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Madhusudhanan Kalaichelvan

Breadth of vision

Madhusudhanan Kalaichelvan.

Madhusudhanan Kalaichelvan.  


Madhusudhanan Kalaichelvan is an architect whose interests range from Araiyar Sevai to Tamil epigraphy. Charukesi elaborates.

At 29, Madhusudhanan Kalaichelvan has a lot to his credit. An Associate Professor in Architecture at a reputed college in Siruseri, he has visited the 106 Divya Desams, the 200 Padal Petra Sthalangal of Saivite importance, completed the Char Dham Yatra, travelled to Ayodhya, Dwaraka, Vaishnodevi and is raring to go to Kailash Manasarovar with a group of friends.

Recently he delivered a talk at the Arkay Centre on ‘Kaliyan Kanda Kannapuram’, in which he extolled the virtues of Tirumangai Azhwar, who composed 100 pasurams on this Vaishnavite shrine. The experience was enhanced by vocalist Padma Sugavanam, who rendered a few pasurams.

His oratory skills in Tamil and English, interspersed with Sanskrit slokas and hymns made the presentation interesting. Excerpts from the interview:

How did you get interested in temple architecture?

During the annual vacations, my father used to take us to temples and temple-towns. He hails from Chengam near Tiruvannamalai, but I was born and brought up in Chennai. I had no inclination to join engineering, so I studied Architecture at Anna University. For a while, I toyed with the idea of joining the Temple Architecture Centre, Mahabalipuram, but later decided to explore avenues where my passion would find creative expression.

When did you start giving talks on the subject?

It was in 2013, at the Tamil Heritage Trust that I spoke about Araiyar Sevai. In 2009, I was at Pomona, near New Jersey, U.S., where I performed Araiyar Sevai at a temple. Then I spoke about it at the Tag Centre when an exhibition was organised on Srirangam Temple. While I was in Anna University, I would often go to Srirangam to understand the architectural elements employed in the urban design of the town. There I got introduced to Araiyar Sevai and fell in love it. I stayed there and learnt the nuances of the art form. I have also seen the Srivilliputtur and Alwarthirunagari styles of this art.

Are you involved in the renovation of temples?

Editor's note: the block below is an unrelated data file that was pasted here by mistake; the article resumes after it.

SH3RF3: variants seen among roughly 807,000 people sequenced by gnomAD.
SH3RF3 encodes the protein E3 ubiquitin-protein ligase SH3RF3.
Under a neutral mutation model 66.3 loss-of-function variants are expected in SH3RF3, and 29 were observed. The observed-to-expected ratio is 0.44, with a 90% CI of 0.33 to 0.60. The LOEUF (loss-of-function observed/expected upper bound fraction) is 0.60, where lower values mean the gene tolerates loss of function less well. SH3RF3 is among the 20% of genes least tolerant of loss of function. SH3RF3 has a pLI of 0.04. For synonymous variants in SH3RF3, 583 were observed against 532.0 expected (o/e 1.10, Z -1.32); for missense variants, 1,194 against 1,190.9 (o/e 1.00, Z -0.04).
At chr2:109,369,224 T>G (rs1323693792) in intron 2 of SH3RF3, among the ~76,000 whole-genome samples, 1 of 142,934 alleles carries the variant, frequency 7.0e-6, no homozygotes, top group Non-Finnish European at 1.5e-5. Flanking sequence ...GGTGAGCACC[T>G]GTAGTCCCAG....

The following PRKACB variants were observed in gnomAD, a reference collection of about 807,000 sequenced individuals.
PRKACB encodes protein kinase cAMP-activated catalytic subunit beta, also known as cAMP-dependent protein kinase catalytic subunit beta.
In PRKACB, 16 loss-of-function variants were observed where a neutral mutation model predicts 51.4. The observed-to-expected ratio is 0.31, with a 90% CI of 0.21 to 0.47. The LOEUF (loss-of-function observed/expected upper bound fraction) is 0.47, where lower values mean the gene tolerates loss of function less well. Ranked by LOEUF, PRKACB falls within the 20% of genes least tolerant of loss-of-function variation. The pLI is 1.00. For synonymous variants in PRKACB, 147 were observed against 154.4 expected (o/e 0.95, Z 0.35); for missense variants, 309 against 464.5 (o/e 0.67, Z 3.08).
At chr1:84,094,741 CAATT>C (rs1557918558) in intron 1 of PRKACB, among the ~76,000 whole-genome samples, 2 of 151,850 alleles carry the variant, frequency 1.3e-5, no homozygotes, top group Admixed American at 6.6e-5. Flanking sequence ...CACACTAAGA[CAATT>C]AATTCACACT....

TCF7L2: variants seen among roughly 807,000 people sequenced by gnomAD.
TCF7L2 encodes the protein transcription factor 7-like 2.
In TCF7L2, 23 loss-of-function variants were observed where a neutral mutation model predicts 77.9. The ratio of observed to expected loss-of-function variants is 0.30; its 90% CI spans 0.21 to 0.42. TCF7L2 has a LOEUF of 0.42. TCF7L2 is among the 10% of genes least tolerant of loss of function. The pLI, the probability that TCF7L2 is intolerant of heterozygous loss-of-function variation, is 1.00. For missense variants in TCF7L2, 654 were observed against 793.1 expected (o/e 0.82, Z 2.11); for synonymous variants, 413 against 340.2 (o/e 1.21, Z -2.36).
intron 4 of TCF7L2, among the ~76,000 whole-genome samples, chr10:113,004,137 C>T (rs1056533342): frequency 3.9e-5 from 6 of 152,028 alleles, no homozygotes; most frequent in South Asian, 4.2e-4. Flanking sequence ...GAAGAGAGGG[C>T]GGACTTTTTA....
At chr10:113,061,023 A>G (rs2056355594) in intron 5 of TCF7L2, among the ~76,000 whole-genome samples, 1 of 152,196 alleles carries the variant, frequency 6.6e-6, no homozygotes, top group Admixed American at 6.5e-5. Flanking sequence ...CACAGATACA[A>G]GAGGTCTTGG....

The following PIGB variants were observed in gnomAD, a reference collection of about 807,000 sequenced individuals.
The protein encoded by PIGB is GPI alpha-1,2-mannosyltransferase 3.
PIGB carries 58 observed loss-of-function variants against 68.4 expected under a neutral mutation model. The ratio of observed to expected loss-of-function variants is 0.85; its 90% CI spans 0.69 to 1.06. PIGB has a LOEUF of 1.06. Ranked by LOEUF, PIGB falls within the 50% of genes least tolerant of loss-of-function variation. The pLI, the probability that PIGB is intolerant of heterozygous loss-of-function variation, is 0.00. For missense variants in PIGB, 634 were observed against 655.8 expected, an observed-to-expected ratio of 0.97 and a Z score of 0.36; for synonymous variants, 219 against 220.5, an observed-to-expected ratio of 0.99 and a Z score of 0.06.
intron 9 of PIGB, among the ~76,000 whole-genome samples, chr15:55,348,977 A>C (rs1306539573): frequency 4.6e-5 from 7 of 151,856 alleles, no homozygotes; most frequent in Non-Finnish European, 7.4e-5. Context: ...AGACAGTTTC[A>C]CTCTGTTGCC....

Yes. ASI asked me to help restore Raja Raja Gopuram in Thanjavur. Then followed the restoration of a temple in Kattuputhur near Namakkal and a Vittala temple of Nayak period in Sathancheri. Authorities of the Chidambaram temple commissioned me to do the drawings of the Chit Sabha, as well as the 100-pillar hall. I furnished the drawings and gave suggestions on how to restore and preserve them. The huge gopuram of the temple in Tiruvellarai near Srirangam was left unfinished with just two tiers. A donor has come forward to help complete it and we are waiting for the permission.

What about your work in Kanchipuram?

It was under Project HRIDAY (Heritage Restoration Documentation Yojana), a PMO initiative, that I was asked to be associated with the work at Kanchipuram by a private group.

I walked with 25 architecture students through each street and submitted my report. It included temples, Sankara Mutt, mandapams and a large number of residences. Fourteen cities in India were chosen for this project and Kanchipuram is one of them.

How did you gain proficiency in English, Tamil and Sanskrit?

I studied in an English-medium school and my grandfather was a Tamil professor, an expert in Sangam literature. I speak both the languages fluently. I got interested in Vaishnavism because of its rich literary content.

I wanted to know about the dissertations of acharyas such as Periyavachan Pillai, where they had used Sanskrit liberally. So I learnt the language. I studied Hindi up to Praveen level. That made my study of Sanskrit easy. Interest is all one needs to learn a language.

Apart from architecture, do you have other interests?

I have been trained in Tamil epigraphy. I have been asked to speak on Tirupati inscriptions, which I will present shortly. I am also a painter and I specialise in frescoes and Gondwana paintings. I have also been conducting guided heritage tours.

What about Carnatic music?

I am a Srividya Upasaka. My mother, who is a veena player, kindled my interest in music. My first guru was Lalita Kumar, who taught me the basics ten years ago. Then my mother began to teach me. I learnt mridangam too.

You seem to have wide-ranging interests?

Yes. Lately, I have been researching on Islam. I read the Koran and offer prayers daily. I also fast during the month of Ramzan. The core principles of all religions are the same. And I am interested in finding the similarities.

(Prof. Madhusudhanan Kalaichelvan can be contacted on ph: 91761 48972.)

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